Additionally, I believe in Italian, there's no distinction between the continuous present and the simple present like we have in English--usually.
"I am eating" and "I eat" would both be "Io mangio".
There still is a continuous present, however, but it's only used to emphasize the ongoing nature of an action. It uses the verb "stare".
So, if you need to specifically say "I am eating" it would be "Io sto mangiando".
Completely. The first accent you wrote is called accento grave, the second one is accento acuto. The root vowel is the same but it changes the sound. So it is used to make a distinction about the sound of the word and in some cases the meaning of the word. Every Italian word has an accent, called accento tonico. It gives you an hint abou the syllable to be stressed. For the written text and for the majority of Italian words it is not mandatory to express the accento tonico. However for some words is important because according to sound that word changes the meaning completely. The classical example: pèsca, it means the peach (the fruit). pésca, it means the fishing.
I entered "caffé caffè" into Google Translate and Reverso.Net, then played the computer-generated sounding of the words featured at both sites. I heard a very distinct difference in the way the é and the è are pronounced. The best way I can put it is that the è is "voiced" and the é is "unvoiced".
For the voiced è, you form your mouth to say "eh" (like the "e" in "yes") and then, keeping the tongue in place, say "ay" (as in English "hay"), letting your tongue drop back a little. You want an "eh" sound which is heavily tinged with "ay".
For the é, you put your mouth in the "eh" position, but say "ih" (as in "bit"), letting your tongue move forward towards the teeth. You want an "eh" sound which is heavily tinged with "ih".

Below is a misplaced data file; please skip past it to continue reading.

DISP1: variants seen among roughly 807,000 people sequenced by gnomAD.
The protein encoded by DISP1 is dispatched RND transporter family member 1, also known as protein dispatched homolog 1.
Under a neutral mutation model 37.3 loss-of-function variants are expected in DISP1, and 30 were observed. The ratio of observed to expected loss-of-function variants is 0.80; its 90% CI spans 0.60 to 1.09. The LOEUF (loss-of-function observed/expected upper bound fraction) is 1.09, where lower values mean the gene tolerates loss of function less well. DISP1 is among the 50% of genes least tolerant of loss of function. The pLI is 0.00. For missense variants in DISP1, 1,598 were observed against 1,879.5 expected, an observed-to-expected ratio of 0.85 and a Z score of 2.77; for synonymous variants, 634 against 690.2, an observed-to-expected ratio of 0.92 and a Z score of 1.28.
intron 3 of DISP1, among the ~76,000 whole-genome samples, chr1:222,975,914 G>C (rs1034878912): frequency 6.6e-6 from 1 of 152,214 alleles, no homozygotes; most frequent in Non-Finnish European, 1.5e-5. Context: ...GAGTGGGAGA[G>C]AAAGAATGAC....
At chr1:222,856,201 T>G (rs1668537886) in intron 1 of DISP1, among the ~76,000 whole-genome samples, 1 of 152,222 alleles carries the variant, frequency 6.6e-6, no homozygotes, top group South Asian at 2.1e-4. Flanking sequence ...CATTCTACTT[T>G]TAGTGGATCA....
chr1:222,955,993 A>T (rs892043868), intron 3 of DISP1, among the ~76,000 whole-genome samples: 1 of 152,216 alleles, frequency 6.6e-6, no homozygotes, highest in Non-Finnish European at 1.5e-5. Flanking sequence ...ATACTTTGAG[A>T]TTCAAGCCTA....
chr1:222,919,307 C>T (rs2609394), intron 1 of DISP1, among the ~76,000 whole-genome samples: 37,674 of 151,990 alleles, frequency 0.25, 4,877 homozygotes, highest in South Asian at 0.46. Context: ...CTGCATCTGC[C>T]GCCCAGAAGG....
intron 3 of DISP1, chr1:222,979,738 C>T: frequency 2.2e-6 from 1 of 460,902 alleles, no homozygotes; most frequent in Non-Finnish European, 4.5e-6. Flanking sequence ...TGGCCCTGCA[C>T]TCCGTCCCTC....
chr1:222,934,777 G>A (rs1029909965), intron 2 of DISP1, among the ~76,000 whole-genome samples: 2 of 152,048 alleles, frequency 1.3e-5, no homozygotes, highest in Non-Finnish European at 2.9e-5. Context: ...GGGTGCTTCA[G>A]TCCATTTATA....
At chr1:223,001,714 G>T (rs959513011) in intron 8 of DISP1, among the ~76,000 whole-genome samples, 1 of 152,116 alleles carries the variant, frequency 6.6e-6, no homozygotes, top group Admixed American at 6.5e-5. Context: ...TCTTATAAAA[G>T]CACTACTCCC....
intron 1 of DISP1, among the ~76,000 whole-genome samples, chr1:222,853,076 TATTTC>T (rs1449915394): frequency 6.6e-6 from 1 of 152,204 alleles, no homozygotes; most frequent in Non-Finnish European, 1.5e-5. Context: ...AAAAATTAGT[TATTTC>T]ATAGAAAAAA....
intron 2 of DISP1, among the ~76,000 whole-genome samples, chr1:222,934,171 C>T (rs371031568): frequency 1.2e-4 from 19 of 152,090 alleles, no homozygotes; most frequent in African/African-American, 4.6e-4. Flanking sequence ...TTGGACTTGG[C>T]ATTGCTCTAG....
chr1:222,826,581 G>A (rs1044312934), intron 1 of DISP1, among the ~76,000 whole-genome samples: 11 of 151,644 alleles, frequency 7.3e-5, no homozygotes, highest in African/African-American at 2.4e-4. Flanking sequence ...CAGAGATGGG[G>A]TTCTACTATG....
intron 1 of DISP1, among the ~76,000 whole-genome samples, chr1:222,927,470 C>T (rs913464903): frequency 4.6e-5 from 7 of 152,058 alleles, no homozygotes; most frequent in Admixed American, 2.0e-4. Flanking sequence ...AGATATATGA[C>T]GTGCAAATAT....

The point here is that, when the tongue is further back in the mouth, you get a sound that comes more from your throat (is "voiced"), while, when the tongue is closer to the teeth, you get a sound which comes from the front of your mouth and doesn't involve the throat (doesn't involve the "voice").
I don't really know how important this distinction is in every day Italian. I'm studying Russian, also, and voicing makes a big difference there, because it changes the meaning of words - lots of them.
Just like you said, it is usually always used in the Italian language, as opposed to English. In fact, if you used the definite article ALL the time, you would be correct. There are some instances where it would be better if you omitted it, however you wouldn't be incorrect if you didn't. An example where it would normally (and preferably) be omitted is when creating a shopping list. You would not use the article in front of the noun. However, if you do, it would still be correct.
Now on the other hand, there are times where you MUST use the article, and you would be incorrect if you do not.
So when in doubt; USE the definite article in front of the noun.
So why is "Lei beve il caffè" wrong? I understand that "Lei beve caffè" is a better translation for the original sentence, because in english it doesn't have an article, but after reading what you wrote here, it seems that it is Duolingo that is wrong on this one. Don't get me wrong, I love the software, but I am Brazilian and started using to learn english, and I must say, sometimes it is wrong (cases in italian may be similar with portuguese ones. Nuances that english doesn't have).